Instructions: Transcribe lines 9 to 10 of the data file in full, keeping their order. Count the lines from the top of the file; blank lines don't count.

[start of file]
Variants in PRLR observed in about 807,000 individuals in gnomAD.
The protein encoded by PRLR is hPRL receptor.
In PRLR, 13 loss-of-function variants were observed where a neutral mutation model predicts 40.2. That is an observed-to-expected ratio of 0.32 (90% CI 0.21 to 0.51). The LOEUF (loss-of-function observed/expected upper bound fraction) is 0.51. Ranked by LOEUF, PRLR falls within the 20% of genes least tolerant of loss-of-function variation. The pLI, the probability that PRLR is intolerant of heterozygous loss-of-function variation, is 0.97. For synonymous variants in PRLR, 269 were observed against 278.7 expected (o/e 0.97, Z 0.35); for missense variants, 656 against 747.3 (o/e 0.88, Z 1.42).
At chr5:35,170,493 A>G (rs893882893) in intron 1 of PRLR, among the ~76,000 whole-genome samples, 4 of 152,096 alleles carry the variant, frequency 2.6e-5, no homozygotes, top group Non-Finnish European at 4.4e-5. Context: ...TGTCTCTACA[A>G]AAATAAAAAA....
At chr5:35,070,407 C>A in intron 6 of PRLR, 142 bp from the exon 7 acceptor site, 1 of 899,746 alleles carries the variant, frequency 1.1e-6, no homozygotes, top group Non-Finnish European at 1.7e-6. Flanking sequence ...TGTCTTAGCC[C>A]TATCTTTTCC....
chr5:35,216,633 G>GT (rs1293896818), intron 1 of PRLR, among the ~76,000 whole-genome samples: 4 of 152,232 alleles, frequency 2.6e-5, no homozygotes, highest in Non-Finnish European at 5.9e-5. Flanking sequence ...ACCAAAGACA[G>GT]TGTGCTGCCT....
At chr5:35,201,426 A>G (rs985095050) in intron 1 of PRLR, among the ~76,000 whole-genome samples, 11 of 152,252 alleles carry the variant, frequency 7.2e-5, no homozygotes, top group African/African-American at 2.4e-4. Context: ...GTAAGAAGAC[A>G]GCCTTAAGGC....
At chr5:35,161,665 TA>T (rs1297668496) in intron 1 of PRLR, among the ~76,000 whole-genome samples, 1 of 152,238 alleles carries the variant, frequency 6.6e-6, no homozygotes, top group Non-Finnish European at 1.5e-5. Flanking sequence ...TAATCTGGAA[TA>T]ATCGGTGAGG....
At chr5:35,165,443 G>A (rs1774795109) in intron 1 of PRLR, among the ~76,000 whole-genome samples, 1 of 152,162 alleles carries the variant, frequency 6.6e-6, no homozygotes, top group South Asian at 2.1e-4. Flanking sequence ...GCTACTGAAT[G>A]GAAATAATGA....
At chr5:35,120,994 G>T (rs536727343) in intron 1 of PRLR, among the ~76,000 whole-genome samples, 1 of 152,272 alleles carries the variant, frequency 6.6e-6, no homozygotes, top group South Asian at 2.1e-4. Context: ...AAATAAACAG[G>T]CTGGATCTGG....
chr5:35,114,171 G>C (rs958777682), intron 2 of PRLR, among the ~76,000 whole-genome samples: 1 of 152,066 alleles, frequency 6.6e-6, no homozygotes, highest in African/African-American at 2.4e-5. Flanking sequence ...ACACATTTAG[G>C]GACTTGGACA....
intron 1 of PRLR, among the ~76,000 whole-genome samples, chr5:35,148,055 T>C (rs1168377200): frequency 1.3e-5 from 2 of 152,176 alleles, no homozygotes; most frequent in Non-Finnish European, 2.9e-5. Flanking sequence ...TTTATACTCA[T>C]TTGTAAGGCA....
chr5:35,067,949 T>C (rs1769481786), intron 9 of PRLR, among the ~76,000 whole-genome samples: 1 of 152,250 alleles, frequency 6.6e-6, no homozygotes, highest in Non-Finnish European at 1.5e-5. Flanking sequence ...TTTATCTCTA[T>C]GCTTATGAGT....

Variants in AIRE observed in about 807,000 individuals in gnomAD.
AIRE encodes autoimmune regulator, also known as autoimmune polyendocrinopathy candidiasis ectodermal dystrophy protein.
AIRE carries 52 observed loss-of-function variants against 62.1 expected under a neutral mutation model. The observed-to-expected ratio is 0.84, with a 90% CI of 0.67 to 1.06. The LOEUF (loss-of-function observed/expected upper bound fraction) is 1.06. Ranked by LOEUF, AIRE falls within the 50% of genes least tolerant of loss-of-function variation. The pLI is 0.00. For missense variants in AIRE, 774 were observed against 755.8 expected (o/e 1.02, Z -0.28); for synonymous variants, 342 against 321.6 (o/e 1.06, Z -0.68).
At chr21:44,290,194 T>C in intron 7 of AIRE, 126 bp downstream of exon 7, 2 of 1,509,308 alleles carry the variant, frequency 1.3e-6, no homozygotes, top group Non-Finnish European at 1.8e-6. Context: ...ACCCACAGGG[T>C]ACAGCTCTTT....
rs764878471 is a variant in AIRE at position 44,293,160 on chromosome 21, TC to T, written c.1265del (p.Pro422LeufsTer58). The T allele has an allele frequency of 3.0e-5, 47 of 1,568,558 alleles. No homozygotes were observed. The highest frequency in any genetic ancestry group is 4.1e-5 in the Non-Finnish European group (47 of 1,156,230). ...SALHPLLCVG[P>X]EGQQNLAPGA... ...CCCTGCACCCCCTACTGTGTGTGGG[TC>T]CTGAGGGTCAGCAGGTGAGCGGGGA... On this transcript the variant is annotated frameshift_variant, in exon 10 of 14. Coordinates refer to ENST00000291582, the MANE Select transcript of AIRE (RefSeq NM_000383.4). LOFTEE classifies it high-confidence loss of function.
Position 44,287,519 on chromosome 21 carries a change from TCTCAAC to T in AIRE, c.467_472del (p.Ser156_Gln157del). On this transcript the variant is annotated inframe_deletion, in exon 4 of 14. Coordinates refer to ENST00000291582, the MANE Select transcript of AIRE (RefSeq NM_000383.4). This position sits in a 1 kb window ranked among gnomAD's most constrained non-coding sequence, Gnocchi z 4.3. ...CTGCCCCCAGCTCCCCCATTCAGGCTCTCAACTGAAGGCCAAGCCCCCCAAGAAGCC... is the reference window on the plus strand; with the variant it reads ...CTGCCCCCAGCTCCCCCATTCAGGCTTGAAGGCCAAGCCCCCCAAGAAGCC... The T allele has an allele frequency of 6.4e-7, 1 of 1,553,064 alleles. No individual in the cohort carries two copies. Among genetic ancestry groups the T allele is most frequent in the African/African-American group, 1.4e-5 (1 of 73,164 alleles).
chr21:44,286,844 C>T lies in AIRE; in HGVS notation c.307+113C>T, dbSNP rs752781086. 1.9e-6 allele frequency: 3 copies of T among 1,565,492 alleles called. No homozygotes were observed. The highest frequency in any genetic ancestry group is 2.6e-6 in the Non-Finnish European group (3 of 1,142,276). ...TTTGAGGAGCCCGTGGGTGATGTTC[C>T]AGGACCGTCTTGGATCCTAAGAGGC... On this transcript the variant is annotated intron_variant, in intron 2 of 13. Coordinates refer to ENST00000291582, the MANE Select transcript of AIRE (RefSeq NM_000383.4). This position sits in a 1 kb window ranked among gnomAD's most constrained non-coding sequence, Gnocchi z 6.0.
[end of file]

At chr5:35,165,443 G>A (rs1774795109) in intron 1 of PRLR, among the ~76,000 whole-genome samples, 1 of 152,162 alleles carries the variant, frequency 6.6e-6, no homozygotes, top group South Asian at 2.1e-4. Flanking sequence ...GCTACTGAAT[G>A]GAAATAATGA....
At chr5:35,120,994 G>T (rs536727343) in intron 1 of PRLR, among the ~76,000 whole-genome samples, 1 of 152,272 alleles carries the variant, frequency 6.6e-6, no homozygotes, top group South Asian at 2.1e-4. Context: ...AAATAAACAG[G>T]CTGGATCTGG....